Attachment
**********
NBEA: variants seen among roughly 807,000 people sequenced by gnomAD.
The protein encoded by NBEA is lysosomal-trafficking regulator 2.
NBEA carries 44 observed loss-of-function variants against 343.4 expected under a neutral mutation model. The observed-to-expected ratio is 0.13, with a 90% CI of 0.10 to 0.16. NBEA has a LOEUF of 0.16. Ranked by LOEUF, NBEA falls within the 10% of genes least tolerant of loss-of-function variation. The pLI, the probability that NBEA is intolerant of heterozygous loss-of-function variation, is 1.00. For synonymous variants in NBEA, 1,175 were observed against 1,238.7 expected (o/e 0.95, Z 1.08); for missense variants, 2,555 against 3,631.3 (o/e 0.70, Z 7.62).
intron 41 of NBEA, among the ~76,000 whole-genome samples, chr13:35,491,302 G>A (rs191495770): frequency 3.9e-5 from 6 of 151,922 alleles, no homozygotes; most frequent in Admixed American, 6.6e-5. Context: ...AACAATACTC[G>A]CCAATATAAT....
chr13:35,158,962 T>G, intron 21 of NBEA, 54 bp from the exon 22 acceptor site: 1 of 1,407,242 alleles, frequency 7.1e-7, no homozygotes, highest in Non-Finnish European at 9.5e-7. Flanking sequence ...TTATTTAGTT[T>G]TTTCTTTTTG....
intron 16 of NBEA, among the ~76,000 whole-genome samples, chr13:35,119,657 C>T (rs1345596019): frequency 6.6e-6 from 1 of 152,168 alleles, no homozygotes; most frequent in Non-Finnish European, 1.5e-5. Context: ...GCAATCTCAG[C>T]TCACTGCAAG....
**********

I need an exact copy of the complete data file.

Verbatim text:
NBEA: variants seen among roughly 807,000 people sequenced by gnomAD.
The protein encoded by NBEA is lysosomal-trafficking regulator 2.
NBEA carries 44 observed loss-of-function variants against 343.4 expected under a neutral mutation model. The observed-to-expected ratio is 0.13, with a 90% CI of 0.10 to 0.16. NBEA has a LOEUF of 0.16. Ranked by LOEUF, NBEA falls within the 10% of genes least tolerant of loss-of-function variation. The pLI, the probability that NBEA is intolerant of heterozygous loss-of-function variation, is 1.00. For synonymous variants in NBEA, 1,175 were observed against 1,238.7 expected (o/e 0.95, Z 1.08); for missense variants, 2,555 against 3,631.3 (o/e 0.70, Z 7.62).
intron 41 of NBEA, among the ~76,000 whole-genome samples, chr13:35,491,302 G>A (rs191495770): frequency 3.9e-5 from 6 of 151,922 alleles, no homozygotes; most frequent in Admixed American, 6.6e-5. Context: ...AACAATACTC[G>A]CCAATATAAT....
chr13:35,158,962 T>G, intron 21 of NBEA, 54 bp from the exon 22 acceptor site: 1 of 1,407,242 alleles, frequency 7.1e-7, no homozygotes, highest in Non-Finnish European at 9.5e-7. Flanking sequence ...TTATTTAGTT[T>G]TTTCTTTTTG....
intron 16 of NBEA, among the ~76,000 whole-genome samples, chr13:35,119,657 C>T (rs1345596019): frequency 6.6e-6 from 1 of 152,168 alleles, no homozygotes; most frequent in Non-Finnish European, 1.5e-5. Context: ...GCAATCTCAG[C>T]TCACTGCAAG....